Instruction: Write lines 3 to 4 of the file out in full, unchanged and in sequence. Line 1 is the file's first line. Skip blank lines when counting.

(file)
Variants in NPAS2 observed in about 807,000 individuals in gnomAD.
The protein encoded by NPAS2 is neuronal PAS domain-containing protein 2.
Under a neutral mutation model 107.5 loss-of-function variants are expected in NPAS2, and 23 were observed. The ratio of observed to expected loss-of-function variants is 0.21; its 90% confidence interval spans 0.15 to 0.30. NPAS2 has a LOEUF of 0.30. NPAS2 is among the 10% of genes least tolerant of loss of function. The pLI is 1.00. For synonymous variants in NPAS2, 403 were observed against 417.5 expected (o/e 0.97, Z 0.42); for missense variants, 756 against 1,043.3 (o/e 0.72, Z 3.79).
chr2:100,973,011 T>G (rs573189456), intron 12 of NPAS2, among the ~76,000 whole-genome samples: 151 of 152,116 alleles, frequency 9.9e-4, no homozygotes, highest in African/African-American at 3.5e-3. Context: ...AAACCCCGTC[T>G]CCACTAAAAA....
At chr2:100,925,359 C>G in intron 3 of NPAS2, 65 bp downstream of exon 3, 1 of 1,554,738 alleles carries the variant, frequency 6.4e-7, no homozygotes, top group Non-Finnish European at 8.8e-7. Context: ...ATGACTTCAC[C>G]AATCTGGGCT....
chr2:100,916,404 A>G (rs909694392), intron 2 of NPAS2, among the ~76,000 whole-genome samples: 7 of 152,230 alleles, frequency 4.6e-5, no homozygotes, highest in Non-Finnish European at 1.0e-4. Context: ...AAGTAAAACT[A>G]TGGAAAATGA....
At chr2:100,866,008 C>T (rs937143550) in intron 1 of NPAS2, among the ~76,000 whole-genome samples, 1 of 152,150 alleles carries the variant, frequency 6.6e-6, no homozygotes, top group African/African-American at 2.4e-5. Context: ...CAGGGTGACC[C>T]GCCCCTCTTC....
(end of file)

Under a neutral mutation model 107.5 loss-of-function variants are expected in NPAS2, and 23 were observed. The ratio of observed to expected loss-of-function variants is 0.21; its 90% confidence interval spans 0.15 to 0.30. NPAS2 has a LOEUF of 0.30. NPAS2 is among the 10% of genes least tolerant of loss of function. The pLI is 1.00. For synonymous variants in NPAS2, 403 were observed against 417.5 expected (o/e 0.97, Z 0.42); for missense variants, 756 against 1,043.3 (o/e 0.72, Z 3.79).
chr2:100,973,011 T>G (rs573189456), intron 12 of NPAS2, among the ~76,000 whole-genome samples: 151 of 152,116 alleles, frequency 9.9e-4, no homozygotes, highest in African/African-American at 3.5e-3. Context: ...AAACCCCGTC[T>G]CCACTAAAAA....